Who is Saint Barbara?

According to the hagiographies, Barbara, the daughter of a rich pagan named Dioscorus, was carefully guarded by her father who kept her locked up in a tower in order to preserve her from the outside world. Having secretly become a Christian, she rejected an offer of marriage that she received through him.

Before going on a journey, he commanded that a private bath-house be erected for her use near her dwelling, and during his absence, Barbara had three windows put in it, as a symbol of the Holy Trinity, instead of the two originally intended. When her father returned, she acknowledged herself to be a Christian; upon this he drew his sword to kill her, but her prayers created an opening in the tower wall and she was miraculously transported to a mountain gorge, where two shepherds watched their flocks. Dioscorus, in pursuit of his daughter, was rebuffed by the first shepherd, but the second betrayed her and was turned to stone and his flock changed to locusts.

Dragged before the prefect of the province, Martinianus, who had her cruelly tortured, Barbara held true to her faith. During the night, the dark prison was bathed in light and new miracles occurred. Every morning her wounds were healed. Torches that were to be used to burn her went out as soon as they came near her. Finally she was condemned to death by beheading. Her father himself carried out the death-sentence. However, as punishment for this, he was struck by lightning on the way home and his body was consumed by flame. Barbara was buried by a Christian, Valentinus, and her tomb became the site of miracles.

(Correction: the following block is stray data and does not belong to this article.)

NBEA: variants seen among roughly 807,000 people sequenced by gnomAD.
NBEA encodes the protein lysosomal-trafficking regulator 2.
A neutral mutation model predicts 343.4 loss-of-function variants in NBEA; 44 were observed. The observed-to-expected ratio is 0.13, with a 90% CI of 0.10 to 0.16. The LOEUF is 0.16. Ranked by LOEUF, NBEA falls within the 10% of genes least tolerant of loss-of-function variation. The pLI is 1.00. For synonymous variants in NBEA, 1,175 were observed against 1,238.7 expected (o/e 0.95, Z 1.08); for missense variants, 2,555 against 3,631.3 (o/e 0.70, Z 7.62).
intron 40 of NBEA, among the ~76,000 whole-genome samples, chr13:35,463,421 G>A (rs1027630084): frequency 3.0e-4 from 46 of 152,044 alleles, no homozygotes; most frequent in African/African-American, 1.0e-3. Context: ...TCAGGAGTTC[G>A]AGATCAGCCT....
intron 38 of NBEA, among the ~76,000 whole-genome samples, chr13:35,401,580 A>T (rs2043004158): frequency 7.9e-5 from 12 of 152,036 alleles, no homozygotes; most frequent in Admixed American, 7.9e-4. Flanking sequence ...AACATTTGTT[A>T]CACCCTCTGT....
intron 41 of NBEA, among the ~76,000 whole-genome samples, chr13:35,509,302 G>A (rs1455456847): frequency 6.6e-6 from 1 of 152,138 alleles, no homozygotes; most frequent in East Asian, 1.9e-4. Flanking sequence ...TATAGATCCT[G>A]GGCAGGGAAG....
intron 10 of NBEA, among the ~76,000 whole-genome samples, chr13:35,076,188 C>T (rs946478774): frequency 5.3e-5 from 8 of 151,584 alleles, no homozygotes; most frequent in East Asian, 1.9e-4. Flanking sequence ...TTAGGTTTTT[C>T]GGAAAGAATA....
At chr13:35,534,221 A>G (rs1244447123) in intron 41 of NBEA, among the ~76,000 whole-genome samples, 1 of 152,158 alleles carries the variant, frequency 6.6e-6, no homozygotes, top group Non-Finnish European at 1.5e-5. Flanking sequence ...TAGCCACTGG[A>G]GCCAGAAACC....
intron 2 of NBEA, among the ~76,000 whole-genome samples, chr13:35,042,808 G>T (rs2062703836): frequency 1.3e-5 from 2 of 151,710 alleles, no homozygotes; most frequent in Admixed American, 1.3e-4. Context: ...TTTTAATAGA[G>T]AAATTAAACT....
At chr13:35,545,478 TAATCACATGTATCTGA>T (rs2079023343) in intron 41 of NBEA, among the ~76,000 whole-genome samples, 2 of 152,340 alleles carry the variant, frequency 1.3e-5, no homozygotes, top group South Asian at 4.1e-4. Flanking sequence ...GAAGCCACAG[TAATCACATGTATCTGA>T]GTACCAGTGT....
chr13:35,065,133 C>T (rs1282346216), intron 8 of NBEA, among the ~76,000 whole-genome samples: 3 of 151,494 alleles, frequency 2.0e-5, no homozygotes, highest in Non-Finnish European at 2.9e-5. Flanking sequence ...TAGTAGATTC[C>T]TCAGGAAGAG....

Saint Barbara became the patron saint of artillerymen. She is also traditionally the patron of armourers, military engineers, gunsmiths, tunnellers, miners and anyone else who worked with cannon and explosives. She is invoked against thunder and lightning and all accidents arising from explosions of gunpowder. She is venerated by Catholics who face the danger of sudden and violent death in work.  

It was customary to have a statue of Saint Barbara at the magazine to protect the ship or fortress from suddenly exploding. She is the patron of the Italian Navy.

The Tercentenary Chapel and Cloister